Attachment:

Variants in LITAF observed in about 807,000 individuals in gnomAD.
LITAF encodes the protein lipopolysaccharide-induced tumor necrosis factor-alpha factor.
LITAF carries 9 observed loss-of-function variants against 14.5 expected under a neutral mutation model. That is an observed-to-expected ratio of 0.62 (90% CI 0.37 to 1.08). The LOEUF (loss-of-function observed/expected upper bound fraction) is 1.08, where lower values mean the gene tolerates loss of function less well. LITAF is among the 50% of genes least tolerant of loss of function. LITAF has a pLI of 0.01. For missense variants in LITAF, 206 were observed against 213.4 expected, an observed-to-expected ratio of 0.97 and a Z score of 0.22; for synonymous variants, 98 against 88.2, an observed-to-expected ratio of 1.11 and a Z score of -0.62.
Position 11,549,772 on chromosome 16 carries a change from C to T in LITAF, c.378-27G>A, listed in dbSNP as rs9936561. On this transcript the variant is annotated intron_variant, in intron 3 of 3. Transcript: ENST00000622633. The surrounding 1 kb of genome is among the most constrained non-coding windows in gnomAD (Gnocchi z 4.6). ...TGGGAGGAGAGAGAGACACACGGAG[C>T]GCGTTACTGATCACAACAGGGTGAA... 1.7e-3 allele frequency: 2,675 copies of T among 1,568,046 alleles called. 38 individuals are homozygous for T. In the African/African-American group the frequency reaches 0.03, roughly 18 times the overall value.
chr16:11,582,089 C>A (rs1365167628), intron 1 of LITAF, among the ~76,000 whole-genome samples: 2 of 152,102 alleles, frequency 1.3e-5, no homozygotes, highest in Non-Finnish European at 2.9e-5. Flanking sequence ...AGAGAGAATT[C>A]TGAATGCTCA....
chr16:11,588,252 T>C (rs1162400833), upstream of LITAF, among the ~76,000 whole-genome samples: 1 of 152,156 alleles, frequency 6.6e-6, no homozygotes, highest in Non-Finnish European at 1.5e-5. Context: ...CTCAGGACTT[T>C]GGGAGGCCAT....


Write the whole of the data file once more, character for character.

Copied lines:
Variants in LITAF observed in about 807,000 individuals in gnomAD.
LITAF encodes the protein lipopolysaccharide-induced tumor necrosis factor-alpha factor.
LITAF carries 9 observed loss-of-function variants against 14.5 expected under a neutral mutation model. That is an observed-to-expected ratio of 0.62 (90% CI 0.37 to 1.08). The LOEUF (loss-of-function observed/expected upper bound fraction) is 1.08, where lower values mean the gene tolerates loss of function less well. LITAF is among the 50% of genes least tolerant of loss of function. LITAF has a pLI of 0.01. For missense variants in LITAF, 206 were observed against 213.4 expected, an observed-to-expected ratio of 0.97 and a Z score of 0.22; for synonymous variants, 98 against 88.2, an observed-to-expected ratio of 1.11 and a Z score of -0.62.
Position 11,549,772 on chromosome 16 carries a change from C to T in LITAF, c.378-27G>A, listed in dbSNP as rs9936561. On this transcript the variant is annotated intron_variant, in intron 3 of 3. Transcript: ENST00000622633. The surrounding 1 kb of genome is among the most constrained non-coding windows in gnomAD (Gnocchi z 4.6). ...TGGGAGGAGAGAGAGACACACGGAG[C>T]GCGTTACTGATCACAACAGGGTGAA... 1.7e-3 allele frequency: 2,675 copies of T among 1,568,046 alleles called. 38 individuals are homozygous for T. In the African/African-American group the frequency reaches 0.03, roughly 18 times the overall value.
chr16:11,582,089 C>A (rs1365167628), intron 1 of LITAF, among the ~76,000 whole-genome samples: 2 of 152,102 alleles, frequency 1.3e-5, no homozygotes, highest in Non-Finnish European at 2.9e-5. Flanking sequence ...AGAGAGAATT[C>A]TGAATGCTCA....
chr16:11,588,252 T>C (rs1162400833), upstream of LITAF, among the ~76,000 whole-genome samples: 1 of 152,156 alleles, frequency 6.6e-6, no homozygotes, highest in Non-Finnish European at 1.5e-5. Context: ...CTCAGGACTT[T>C]GGGAGGCCAT....